Wednesday, September 23, 2020

When To Worry About Your Dog's Health

If you’re a dog owner, then you’ll know there are plenty of times when your beloved pet gives you cause to fear for their wellbeing. Dogs are curious and often hungry and if you’re not careful could be snacking on anything they find while you’re out for a walk or while they’re exploring the garden. They’re also prey to diseases, parasites and other conditions that can range from the trivial to the serious.
If you’re not going to be constantly worried for your dog’s health, you need to be able to recognise when your dog is telling you it’s seriously ill and potentially in need of a visit to the vet, and when you can cautiously let time take care of the issue, and expect to see your dog back to its usual self in a day or two.
Gastrointestinal Problems
One of the most common symptoms of sickness you’ll see from your dog is stomach trouble: vomiting and diarrhea.
A lot of the time this isn’t something you need to worry about too much: if your dog eats something that disagrees with it (as will inevitably happen), then they will suffer an upset stomach, much as we would! While it’s unpleasant, it does help remove whatever your dog has eaten from its system.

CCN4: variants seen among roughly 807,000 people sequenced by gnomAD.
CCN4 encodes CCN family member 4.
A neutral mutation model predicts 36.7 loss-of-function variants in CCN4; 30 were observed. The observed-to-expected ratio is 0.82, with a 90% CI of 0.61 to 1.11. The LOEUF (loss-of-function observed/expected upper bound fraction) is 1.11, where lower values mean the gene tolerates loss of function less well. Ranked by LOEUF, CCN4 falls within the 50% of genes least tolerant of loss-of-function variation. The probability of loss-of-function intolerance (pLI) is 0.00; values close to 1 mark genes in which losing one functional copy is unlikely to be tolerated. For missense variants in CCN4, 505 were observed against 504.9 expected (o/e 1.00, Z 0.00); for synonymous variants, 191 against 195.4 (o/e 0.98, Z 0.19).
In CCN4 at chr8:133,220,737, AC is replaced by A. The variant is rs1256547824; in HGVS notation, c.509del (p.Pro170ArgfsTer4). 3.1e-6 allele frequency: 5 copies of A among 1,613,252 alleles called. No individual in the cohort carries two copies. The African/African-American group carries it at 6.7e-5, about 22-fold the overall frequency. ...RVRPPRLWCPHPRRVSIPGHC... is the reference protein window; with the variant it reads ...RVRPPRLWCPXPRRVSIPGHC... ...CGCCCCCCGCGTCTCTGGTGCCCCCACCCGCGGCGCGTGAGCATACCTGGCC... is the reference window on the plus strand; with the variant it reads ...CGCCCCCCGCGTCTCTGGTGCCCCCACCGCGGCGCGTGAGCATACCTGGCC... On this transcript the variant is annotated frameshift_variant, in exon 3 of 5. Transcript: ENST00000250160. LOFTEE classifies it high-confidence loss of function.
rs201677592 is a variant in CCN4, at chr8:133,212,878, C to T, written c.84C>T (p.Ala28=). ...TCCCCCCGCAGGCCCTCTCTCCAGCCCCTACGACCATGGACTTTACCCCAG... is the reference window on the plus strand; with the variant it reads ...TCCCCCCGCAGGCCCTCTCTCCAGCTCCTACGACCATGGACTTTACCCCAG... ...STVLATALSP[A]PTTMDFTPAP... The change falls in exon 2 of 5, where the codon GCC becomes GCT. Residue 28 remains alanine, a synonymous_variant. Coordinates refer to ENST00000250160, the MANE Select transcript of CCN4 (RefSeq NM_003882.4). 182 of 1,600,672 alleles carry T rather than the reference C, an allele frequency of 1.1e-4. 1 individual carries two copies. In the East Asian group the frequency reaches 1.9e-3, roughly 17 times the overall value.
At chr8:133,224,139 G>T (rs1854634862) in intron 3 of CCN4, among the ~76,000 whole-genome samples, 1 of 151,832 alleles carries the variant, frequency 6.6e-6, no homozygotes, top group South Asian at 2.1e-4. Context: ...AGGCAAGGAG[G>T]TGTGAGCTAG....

As long as you’ve no reason to worry your dog has eaten anything toxic, a day or two of upset stomach is not something you need to be too concerned about. You need to make sure your dog has access to lots of water - if you have a dog constantly being sick it will need hydration - and is able to rest. If the situation continues for more than a day or two then a visit to the vet may be necessary.
Unfortunately, it’s far from unknown for dogs to injure themselves, or get injured in play or even fights. The source of the pain may not be obvious at first - you may well notice a change in your dog’s behaviour before the wound itself.
An injured dog may limp, or spare one side of its body as it moves, it might become more aggressive and prone to growling and barking, or more withdrawn. Any of these changes is a good reason to have a look at your dog and possibly make a visit to the vet! It may be an injury that heals naturally, or it might require medical treatment.
Modern medicines mean you only rarely experience a dog with fleas, but it’s hard to mistake the signs. Scratching, red spots, and of course, the presence of the fleas themselves. A flea infestation isn’t immediately serious in itself but it’s very uncomfortable for your dog and could lead to infections.
Regular vet visitors will catch infestations early and ensure you can get the best medication option to help your dog!


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